articles/lectures, documents, Forgotten Australians, memories

Steps up and steps out

by Diane Tronc (guest author) on 11 June, 2010

Diane Tronc was born in 1961 and was a resident, with her five siblings, of Silky Oaks Children’s Home in Manly, Brisbane from 1962 until 1974.

Diane shares her submission to the current Senate Review of Government Compensation Payments.

To Committee Secretary
Senate Legal and Constitutional Committee
P.O. Box 6100
Parliament House
Canberra ACT 2600 Australia

Re: Review of Government Compensation Payments

Dear Committee Members

My name is Diane Tronc.  I am a Survivor of Abuse whilst in Care and I am a Forgotten Australian.

I wish to put submission into this Inquiry.

Firstly:   This year is the 10th year since the Forde Inquiry.

The last 10 years has been for a lot of Forgotten Australians a compounding and overturning painful journey of repeating our lives over and over and reliving this painful journey through Redress and still suffering today to see some form of positive outcome for all Forgotten Australians.

With services in mainstream congested and waiting lists so long we take our ticket and still stand in line waiting. We’ve walk your line for long enough.  We need ACTION, STRUCTURE, FOUNDATION, and STEPS UP AND STEPS OUT.  Support services more involved with career paths, workforce, TAFE, university.

A lot have such difficulty in filling in forms making the first step up and step out.  We need Mentors working with case workers supporting our people with visits to hospitals, appointment and home visits.

We also need a small bus e.g.: Libraries, our memorial, for events/ outings etc.

And a directory of services directing and referring our people and supporting through the process for their goals to be achieved to a comfortable area in their lives to move on….from start to finish.

Healing Journey when will that start, Family Histories, Reunions, and Bringing us all HOME.

Also like to see Legacy more involved as a lot of fathers and grandfathers/families of Forgotten Australian went to war and so did some Forgotten Australian themselves served..

We call for a Gold Card for all Forgotten Australian we should have Priority Access due to the damage inflicted upon us as innocent children now adults our needs and wants need  to be met.   Health, Dental, Housing, and Education and Training, exempt of fees.

Within our service centre I personally feel we need more steps up and step out and more support.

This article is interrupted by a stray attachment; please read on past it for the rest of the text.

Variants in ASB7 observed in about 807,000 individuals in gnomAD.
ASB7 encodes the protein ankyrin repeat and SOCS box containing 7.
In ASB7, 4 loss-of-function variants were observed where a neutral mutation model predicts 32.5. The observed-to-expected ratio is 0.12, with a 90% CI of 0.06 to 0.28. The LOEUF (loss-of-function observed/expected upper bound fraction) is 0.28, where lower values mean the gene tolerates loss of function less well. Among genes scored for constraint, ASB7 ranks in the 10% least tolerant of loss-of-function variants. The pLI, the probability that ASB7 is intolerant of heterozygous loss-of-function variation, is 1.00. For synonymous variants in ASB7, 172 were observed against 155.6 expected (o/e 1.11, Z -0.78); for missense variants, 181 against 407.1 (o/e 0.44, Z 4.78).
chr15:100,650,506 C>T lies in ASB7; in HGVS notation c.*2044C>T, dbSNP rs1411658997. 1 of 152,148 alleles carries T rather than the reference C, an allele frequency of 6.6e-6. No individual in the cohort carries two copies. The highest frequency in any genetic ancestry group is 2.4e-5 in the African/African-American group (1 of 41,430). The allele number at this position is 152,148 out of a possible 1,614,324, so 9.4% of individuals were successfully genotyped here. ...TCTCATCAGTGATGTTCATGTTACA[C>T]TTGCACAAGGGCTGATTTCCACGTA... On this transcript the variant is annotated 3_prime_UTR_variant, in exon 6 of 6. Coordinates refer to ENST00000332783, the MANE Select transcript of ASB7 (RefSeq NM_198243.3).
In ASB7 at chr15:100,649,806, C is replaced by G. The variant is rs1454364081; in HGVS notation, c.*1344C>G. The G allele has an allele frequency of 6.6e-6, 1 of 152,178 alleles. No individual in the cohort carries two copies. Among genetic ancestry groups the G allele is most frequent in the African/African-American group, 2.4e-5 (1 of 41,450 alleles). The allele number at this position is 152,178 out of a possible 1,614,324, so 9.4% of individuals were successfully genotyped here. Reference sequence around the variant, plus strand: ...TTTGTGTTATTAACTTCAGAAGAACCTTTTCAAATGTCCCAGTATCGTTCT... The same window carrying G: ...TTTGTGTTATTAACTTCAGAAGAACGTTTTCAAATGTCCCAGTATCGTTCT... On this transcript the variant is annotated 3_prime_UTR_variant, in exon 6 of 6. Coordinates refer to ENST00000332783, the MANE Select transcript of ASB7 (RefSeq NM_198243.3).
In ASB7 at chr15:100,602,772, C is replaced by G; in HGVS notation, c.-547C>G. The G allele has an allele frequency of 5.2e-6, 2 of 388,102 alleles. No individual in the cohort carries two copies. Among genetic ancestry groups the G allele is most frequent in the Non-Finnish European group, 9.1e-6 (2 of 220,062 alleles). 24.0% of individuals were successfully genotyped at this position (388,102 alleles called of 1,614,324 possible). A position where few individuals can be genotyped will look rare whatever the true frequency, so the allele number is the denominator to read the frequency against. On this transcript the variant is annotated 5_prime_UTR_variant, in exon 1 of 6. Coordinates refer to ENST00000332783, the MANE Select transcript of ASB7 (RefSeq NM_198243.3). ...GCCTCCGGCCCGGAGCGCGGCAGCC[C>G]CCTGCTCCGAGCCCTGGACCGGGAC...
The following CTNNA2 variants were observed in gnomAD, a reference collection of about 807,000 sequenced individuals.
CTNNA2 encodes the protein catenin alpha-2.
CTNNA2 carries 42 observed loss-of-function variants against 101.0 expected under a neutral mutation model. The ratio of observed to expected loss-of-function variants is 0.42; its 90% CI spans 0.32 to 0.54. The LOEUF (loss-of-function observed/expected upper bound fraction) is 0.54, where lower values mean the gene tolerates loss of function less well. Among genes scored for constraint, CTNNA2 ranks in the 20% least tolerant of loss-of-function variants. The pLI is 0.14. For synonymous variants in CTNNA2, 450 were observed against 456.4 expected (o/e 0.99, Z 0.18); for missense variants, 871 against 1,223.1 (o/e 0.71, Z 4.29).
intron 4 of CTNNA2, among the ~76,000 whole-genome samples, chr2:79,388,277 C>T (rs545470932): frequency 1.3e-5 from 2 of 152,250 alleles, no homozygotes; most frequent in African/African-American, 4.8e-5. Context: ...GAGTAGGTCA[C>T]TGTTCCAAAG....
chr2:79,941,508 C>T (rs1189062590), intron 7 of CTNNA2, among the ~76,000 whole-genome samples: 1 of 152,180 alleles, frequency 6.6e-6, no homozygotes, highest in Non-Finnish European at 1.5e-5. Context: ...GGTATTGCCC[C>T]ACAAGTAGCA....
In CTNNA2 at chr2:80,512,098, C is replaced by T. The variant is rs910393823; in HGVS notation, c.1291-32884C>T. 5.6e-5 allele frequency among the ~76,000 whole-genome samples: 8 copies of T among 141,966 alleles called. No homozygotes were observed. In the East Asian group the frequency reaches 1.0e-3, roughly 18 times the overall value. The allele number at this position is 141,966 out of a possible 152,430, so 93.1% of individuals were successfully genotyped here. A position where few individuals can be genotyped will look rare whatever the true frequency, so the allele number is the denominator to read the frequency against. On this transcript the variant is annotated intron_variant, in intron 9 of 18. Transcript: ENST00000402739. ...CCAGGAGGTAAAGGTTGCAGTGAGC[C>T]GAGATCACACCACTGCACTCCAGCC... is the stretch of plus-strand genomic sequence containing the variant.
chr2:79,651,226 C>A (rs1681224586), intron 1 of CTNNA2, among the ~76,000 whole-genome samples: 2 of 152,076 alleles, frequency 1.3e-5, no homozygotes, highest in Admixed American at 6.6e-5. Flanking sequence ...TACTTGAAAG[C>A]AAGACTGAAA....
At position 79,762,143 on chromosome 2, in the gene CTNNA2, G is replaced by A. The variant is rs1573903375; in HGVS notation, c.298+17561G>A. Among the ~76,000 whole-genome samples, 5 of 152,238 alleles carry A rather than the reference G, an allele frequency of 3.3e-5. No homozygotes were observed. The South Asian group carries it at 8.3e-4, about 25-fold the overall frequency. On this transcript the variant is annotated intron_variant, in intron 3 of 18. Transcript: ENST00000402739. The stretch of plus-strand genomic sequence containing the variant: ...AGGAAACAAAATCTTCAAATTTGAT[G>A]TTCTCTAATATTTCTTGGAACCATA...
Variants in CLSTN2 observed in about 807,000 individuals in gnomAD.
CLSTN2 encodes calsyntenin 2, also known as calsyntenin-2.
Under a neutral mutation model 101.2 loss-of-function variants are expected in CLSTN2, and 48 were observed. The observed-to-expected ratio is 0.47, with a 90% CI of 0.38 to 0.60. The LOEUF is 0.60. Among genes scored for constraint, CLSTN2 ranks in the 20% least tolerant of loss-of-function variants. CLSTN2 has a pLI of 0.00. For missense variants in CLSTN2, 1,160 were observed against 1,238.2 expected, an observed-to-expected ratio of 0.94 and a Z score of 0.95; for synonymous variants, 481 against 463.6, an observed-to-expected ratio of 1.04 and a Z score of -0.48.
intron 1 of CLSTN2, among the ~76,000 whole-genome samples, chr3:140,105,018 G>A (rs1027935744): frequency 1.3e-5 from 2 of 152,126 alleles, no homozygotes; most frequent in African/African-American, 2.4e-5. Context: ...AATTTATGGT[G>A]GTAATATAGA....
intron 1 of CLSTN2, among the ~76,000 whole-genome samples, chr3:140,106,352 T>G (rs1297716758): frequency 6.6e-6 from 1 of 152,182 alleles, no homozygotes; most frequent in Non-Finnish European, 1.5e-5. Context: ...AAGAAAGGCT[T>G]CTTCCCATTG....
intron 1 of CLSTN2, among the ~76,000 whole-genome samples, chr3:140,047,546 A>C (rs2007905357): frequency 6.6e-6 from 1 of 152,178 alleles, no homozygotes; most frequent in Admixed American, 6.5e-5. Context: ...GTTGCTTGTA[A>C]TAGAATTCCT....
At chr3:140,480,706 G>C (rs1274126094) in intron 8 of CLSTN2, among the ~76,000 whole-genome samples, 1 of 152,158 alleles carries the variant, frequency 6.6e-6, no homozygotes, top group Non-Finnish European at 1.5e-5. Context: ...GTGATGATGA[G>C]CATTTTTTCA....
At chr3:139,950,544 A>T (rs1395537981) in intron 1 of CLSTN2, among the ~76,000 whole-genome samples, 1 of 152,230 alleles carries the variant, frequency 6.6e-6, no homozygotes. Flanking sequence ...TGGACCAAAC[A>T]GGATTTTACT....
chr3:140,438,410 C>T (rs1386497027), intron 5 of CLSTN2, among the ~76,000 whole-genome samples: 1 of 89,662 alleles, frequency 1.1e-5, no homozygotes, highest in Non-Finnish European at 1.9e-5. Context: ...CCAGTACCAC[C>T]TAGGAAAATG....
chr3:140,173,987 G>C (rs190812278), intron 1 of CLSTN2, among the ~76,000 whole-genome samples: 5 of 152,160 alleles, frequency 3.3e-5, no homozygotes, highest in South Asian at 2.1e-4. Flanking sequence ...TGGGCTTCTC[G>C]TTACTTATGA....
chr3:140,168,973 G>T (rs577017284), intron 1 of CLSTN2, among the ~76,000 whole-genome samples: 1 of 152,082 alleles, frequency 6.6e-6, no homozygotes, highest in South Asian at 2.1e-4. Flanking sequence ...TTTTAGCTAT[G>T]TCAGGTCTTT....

Foster Care/Adoption  was not part of Redress in Qld nor did it get a State Govt Apology.  We where under the STATE.

I personally would like to see a Royal Commission Inquiry into past practices and services today.

We will fight to our END to see things right for our past and for all our futures ahead.

We have a lot of strong good solid caring, compassionate and committed people amongst us all.  That should be given every opportunity to excel and be given the chance to work with services in a paid position.

A lot of us are Volunteers and put in a lot of hours and time to help our people when services are closed or to help assist within telephone support and  getting to visits, appointments or lend a hand  when needed.  I would like to see more funding given to Volunteers under some form of incentive scheme payment through Centrelink.

As a lot of our people are also on disability this would help in the transition step up 123 to TAFE, university or workforce part time or full time?

Also I have noticed a lot of people needing assistance who are in full time work area.  Some struggle to keep their jobs.  Pushing themselves to the limit all the time.

And not being able to service the services due to their working hours.

Looking for a constructive outcome for all.

And more community projects for our people.

Diane Tronc

articles/lectures, film, Forgotten Australians, memories, Stolen Generations

Video: Wake-up call from the stolen and forgotten

by Rhonda Trivett (guest author) on 28 May, 2010

Rhonda Trivett, at the age of 13, from 1974 – 1981, was locked in the maximum security adult ward (Osler House), in Wolston Park Hospital, Brisbane. In her video, Rhonda talks about her experiences and the need for redress.